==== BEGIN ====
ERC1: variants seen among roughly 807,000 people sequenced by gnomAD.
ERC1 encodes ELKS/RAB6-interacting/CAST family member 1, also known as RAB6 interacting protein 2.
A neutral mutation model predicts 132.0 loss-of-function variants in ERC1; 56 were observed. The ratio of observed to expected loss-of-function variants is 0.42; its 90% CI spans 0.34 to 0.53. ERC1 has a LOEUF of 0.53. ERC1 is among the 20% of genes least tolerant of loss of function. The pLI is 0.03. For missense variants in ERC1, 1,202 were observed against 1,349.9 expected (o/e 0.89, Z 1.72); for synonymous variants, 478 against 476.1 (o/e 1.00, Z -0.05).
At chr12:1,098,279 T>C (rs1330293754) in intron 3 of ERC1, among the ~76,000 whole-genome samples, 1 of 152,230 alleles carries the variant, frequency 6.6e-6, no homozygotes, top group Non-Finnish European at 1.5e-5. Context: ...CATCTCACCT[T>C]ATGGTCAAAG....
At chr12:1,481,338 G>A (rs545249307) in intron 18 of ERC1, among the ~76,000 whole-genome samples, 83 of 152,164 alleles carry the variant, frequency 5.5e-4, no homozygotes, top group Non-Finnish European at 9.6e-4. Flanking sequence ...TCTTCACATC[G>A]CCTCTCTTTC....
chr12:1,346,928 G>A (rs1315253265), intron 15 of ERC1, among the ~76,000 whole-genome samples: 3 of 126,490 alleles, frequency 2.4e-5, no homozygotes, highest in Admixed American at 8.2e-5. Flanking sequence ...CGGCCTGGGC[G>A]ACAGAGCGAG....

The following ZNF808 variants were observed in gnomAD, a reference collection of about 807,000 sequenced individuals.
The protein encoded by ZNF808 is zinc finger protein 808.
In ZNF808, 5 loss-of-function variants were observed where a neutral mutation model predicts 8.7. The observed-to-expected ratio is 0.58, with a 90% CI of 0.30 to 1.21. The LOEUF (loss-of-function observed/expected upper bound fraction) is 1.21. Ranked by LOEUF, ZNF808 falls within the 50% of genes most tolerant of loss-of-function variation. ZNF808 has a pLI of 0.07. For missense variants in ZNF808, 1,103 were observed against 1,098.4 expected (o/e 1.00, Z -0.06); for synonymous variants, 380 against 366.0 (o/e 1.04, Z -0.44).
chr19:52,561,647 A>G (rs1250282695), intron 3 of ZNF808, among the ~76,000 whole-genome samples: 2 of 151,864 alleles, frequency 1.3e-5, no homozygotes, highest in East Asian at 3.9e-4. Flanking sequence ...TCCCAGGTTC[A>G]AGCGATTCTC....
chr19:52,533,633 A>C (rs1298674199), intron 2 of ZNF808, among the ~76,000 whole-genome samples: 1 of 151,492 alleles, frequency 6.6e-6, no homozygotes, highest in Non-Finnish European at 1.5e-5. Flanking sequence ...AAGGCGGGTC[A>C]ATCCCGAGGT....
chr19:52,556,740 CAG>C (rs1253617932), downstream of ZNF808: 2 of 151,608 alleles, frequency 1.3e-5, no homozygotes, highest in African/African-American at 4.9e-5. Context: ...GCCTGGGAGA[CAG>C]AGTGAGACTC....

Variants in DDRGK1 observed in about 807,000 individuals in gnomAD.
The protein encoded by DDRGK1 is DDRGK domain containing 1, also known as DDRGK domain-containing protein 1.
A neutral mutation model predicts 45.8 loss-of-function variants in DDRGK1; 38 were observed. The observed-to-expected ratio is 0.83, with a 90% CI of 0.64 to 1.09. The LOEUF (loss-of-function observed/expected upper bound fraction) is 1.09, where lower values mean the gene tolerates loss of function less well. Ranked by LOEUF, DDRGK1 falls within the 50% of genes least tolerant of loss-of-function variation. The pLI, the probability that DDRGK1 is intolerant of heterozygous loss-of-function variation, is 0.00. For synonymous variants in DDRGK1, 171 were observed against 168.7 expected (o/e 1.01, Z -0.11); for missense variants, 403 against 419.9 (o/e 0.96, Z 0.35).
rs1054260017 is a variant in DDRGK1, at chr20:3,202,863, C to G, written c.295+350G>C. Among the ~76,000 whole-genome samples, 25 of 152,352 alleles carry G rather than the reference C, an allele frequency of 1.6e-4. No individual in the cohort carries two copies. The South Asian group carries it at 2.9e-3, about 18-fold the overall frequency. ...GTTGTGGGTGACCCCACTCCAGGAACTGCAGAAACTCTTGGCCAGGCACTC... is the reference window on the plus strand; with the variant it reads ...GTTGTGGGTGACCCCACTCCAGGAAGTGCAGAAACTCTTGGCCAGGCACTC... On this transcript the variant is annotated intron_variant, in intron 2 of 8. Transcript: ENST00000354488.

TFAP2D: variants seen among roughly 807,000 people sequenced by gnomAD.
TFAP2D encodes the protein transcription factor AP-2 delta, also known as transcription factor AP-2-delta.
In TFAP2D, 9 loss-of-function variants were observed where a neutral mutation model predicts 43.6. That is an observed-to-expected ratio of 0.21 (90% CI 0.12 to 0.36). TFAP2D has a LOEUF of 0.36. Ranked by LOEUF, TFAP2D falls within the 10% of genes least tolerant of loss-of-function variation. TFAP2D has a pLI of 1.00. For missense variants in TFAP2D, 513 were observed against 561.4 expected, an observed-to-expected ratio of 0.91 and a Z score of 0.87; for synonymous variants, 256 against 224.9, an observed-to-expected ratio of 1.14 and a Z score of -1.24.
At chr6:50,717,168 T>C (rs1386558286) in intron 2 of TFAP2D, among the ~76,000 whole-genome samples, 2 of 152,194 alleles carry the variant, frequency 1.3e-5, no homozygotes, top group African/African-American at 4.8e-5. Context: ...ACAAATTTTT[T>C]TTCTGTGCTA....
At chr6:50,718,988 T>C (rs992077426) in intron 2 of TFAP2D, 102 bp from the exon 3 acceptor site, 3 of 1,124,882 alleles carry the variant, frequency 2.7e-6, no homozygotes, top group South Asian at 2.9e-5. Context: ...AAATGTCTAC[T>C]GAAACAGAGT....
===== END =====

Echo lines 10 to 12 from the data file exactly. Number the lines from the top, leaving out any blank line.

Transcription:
chr19:52,561,647 A>G (rs1250282695), intron 3 of ZNF808, among the ~76,000 whole-genome samples: 2 of 151,864 alleles, frequency 1.3e-5, no homozygotes, highest in East Asian at 3.9e-4. Flanking sequence ...TCCCAGGTTC[A>G]AGCGATTCTC....
chr19:52,533,633 A>C (rs1298674199), intron 2 of ZNF808, among the ~76,000 whole-genome samples: 1 of 151,492 alleles, frequency 6.6e-6, no homozygotes, highest in Non-Finnish European at 1.5e-5. Flanking sequence ...AAGGCGGGTC[A>C]ATCCCGAGGT....
chr19:52,556,740 CAG>C (rs1253617932), downstream of ZNF808: 2 of 151,608 alleles, frequency 1.3e-5, no homozygotes, highest in African/African-American at 4.9e-5. Context: ...GCCTGGGAGA[CAG>C]AGTGAGACTC....